Clause 1 - Requirement for authorisation

Part of Investigatory Powers (Amendment) Bill [Lords] – in a Public Bill Committee at 11:30 am on 7 March 2024.

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Photo of Stuart McDonald Stuart McDonald Scottish National Party, Cumbernauld, Kilsyth and Kirkintilloch East 11:30, 7 March 2024

It is good to see you in the Chair, Mrs Cummins.

I echo what the shadow Minister says. We are all here to assist the brave personnel in our security and intelligence services, but that does not mean that we will not closely scrutinise this legislation. We did not oppose the Bill on Second Reading. Some parts are good, but we have indicated our serious concerns about other parts because we think the powers go too far. They have not been shown to be necessary and proportionate; rather, they are more for the convenience of the security and intelligence services. How these powers are drafted also causes us concern, because they seem to allow behaviours beyond what we were told the powers were going to be used for. At other times, it is the nature of the oversight that is a concern, as the Bill introduces potentially intrusive powers.

I have one other brief point to make, which I indicated I would make at last night’s meeting of the Programming Sub-Committee. I had hoped that this morning we could perhaps have had some witnesses to guide us through this process. I think that would have been very helpful. It was very helpful in 2016, when we were looking at the original legislation, and I regret that we do not have such an opportunity this morning.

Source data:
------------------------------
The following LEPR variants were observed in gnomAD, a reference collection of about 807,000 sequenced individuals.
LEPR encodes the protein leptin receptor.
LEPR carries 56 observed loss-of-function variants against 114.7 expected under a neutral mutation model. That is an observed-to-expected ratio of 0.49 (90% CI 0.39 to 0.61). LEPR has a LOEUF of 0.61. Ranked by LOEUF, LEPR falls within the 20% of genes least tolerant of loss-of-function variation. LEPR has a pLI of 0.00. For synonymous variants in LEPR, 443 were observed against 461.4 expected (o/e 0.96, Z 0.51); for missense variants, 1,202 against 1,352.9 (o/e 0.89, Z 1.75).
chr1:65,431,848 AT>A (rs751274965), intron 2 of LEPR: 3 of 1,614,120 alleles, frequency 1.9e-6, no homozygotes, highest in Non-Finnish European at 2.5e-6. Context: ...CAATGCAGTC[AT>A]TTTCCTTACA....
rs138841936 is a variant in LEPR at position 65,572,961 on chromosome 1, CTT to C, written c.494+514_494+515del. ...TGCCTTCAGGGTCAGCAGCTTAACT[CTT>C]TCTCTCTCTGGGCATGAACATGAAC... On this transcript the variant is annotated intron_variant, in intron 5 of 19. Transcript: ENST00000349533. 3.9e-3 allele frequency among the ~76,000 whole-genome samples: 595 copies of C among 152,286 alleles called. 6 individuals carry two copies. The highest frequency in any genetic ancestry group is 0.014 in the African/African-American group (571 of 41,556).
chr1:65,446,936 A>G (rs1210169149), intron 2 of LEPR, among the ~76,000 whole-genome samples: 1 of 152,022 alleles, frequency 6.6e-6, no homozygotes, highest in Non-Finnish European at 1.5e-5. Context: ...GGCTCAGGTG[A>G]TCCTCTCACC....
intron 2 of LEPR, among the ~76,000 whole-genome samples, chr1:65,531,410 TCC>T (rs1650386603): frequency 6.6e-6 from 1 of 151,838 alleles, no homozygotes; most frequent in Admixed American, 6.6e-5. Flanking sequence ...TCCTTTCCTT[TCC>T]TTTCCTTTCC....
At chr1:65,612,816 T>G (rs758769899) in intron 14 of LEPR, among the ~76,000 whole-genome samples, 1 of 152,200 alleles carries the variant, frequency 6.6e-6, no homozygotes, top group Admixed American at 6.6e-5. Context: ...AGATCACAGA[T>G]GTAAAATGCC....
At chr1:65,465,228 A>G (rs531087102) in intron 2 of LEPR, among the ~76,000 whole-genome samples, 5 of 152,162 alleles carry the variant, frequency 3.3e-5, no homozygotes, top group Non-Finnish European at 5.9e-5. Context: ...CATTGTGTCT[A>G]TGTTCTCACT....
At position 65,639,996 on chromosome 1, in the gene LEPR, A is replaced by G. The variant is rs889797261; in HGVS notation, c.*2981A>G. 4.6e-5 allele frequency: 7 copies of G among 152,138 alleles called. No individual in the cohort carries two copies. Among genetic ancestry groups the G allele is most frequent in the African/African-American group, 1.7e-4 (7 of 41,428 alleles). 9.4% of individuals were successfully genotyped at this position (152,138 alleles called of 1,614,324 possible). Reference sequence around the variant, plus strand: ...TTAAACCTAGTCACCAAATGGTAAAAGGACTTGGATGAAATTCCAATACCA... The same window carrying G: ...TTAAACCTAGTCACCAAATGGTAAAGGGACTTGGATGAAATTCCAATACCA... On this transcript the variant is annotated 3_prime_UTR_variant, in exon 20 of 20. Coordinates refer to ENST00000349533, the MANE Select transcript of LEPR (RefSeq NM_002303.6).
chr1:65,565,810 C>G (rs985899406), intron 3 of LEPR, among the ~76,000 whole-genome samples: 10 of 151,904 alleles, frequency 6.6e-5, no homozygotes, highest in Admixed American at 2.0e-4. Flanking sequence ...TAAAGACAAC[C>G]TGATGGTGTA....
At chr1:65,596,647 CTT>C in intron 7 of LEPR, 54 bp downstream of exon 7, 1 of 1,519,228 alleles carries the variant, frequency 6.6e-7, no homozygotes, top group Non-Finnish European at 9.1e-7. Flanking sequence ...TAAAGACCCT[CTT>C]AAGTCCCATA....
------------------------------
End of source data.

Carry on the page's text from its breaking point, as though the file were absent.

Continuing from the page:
The provisions on bulk personal datasets and so-called low/no datasets are an area where we fear that the legislation is rather more a matter of inconvenience than something that has been shown to be a necessity. That will emerge in the debate about clause 2, which contains quite a lot of the detail about how the regime is supposed to work. Basically, we have been told that there will be a significant increase in the use of bulk personal datasets. We have been told that scrutiny is too slow, so we will either have to remove it or, perhaps more accurately, water it down in relation to these so-called low/no datasets. Fundamentally, I do not like that argument. The Minister will need to make a compelling case.

When we discuss clause 2, it would be useful if the Minister told us how many bulk datasets are retained and examined each year currently; how many datasets it is envisaged will be retained and examined after these powers come into force; what percentage of the datasets he thinks would be considered low/no datasets; how long authorisation processes take currently and why they take that length of time; and why cannot we improve or accelerate that process in some way, rather than having to water it down in the way that this Bill suggests. We will ask the Minister for that sort of evidence, because he is asking us to do away with parts of the oversight system that were put in place in 2016, and we want to understand how that oversight system is causing a problem at the moment. If he cannot explain that, we cannot support this new regime.